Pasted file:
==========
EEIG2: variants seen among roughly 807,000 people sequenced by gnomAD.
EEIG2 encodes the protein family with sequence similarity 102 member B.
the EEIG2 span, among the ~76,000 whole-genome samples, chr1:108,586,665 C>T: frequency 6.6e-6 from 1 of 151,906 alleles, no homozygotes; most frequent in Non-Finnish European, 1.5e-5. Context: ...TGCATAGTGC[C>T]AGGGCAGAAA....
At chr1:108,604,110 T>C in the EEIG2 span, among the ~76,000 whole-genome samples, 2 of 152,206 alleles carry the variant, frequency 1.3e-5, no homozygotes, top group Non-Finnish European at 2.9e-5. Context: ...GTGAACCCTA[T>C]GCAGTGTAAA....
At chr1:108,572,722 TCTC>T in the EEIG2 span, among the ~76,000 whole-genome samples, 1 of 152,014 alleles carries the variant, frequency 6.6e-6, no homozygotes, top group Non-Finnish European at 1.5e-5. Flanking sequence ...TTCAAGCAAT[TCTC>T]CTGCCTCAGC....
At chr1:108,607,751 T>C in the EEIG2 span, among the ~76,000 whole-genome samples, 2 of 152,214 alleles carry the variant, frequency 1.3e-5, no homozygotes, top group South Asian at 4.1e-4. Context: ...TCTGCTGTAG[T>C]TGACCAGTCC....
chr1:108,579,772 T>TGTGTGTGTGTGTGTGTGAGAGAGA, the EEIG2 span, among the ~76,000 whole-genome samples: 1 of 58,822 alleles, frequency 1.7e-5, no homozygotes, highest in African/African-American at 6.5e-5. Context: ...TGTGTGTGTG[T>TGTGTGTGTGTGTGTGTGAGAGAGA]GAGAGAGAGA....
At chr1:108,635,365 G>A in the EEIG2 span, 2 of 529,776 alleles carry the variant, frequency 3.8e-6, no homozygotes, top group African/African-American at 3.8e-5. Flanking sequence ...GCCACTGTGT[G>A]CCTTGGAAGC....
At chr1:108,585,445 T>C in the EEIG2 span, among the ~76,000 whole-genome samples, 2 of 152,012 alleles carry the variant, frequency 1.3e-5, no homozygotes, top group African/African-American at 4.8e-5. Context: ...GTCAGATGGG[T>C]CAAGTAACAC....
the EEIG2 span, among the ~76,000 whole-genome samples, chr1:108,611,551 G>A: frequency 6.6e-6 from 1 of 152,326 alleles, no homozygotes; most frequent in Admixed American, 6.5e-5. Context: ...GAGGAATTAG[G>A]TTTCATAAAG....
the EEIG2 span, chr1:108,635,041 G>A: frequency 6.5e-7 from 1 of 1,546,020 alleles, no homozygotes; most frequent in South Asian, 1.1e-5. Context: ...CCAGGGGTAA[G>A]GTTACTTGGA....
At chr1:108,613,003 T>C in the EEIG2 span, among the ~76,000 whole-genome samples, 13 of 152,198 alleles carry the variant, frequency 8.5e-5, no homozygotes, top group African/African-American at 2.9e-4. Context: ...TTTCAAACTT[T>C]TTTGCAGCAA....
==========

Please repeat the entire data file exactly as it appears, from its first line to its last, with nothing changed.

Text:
EEIG2: variants seen among roughly 807,000 people sequenced by gnomAD.
EEIG2 encodes the protein family with sequence similarity 102 member B.
the EEIG2 span, among the ~76,000 whole-genome samples, chr1:108,586,665 C>T: frequency 6.6e-6 from 1 of 151,906 alleles, no homozygotes; most frequent in Non-Finnish European, 1.5e-5. Context: ...TGCATAGTGC[C>T]AGGGCAGAAA....
At chr1:108,604,110 T>C in the EEIG2 span, among the ~76,000 whole-genome samples, 2 of 152,206 alleles carry the variant, frequency 1.3e-5, no homozygotes, top group Non-Finnish European at 2.9e-5. Context: ...GTGAACCCTA[T>C]GCAGTGTAAA....
At chr1:108,572,722 TCTC>T in the EEIG2 span, among the ~76,000 whole-genome samples, 1 of 152,014 alleles carries the variant, frequency 6.6e-6, no homozygotes, top group Non-Finnish European at 1.5e-5. Flanking sequence ...TTCAAGCAAT[TCTC>T]CTGCCTCAGC....
At chr1:108,607,751 T>C in the EEIG2 span, among the ~76,000 whole-genome samples, 2 of 152,214 alleles carry the variant, frequency 1.3e-5, no homozygotes, top group South Asian at 4.1e-4. Context: ...TCTGCTGTAG[T>C]TGACCAGTCC....
chr1:108,579,772 T>TGTGTGTGTGTGTGTGTGAGAGAGA, the EEIG2 span, among the ~76,000 whole-genome samples: 1 of 58,822 alleles, frequency 1.7e-5, no homozygotes, highest in African/African-American at 6.5e-5. Context: ...TGTGTGTGTG[T>TGTGTGTGTGTGTGTGTGAGAGAGA]GAGAGAGAGA....
At chr1:108,635,365 G>A in the EEIG2 span, 2 of 529,776 alleles carry the variant, frequency 3.8e-6, no homozygotes, top group African/African-American at 3.8e-5. Flanking sequence ...GCCACTGTGT[G>A]CCTTGGAAGC....
At chr1:108,585,445 T>C in the EEIG2 span, among the ~76,000 whole-genome samples, 2 of 152,012 alleles carry the variant, frequency 1.3e-5, no homozygotes, top group African/African-American at 4.8e-5. Context: ...GTCAGATGGG[T>C]CAAGTAACAC....
the EEIG2 span, among the ~76,000 whole-genome samples, chr1:108,611,551 G>A: frequency 6.6e-6 from 1 of 152,326 alleles, no homozygotes; most frequent in Admixed American, 6.5e-5. Context: ...GAGGAATTAG[G>A]TTTCATAAAG....
the EEIG2 span, chr1:108,635,041 G>A: frequency 6.5e-7 from 1 of 1,546,020 alleles, no homozygotes; most frequent in South Asian, 1.1e-5. Context: ...CCAGGGGTAA[G>A]GTTACTTGGA....
At chr1:108,613,003 T>C in the EEIG2 span, among the ~76,000 whole-genome samples, 13 of 152,198 alleles carry the variant, frequency 8.5e-5, no homozygotes, top group African/African-American at 2.9e-4. Context: ...TTTCAAACTT[T>C]TTTGCAGCAA....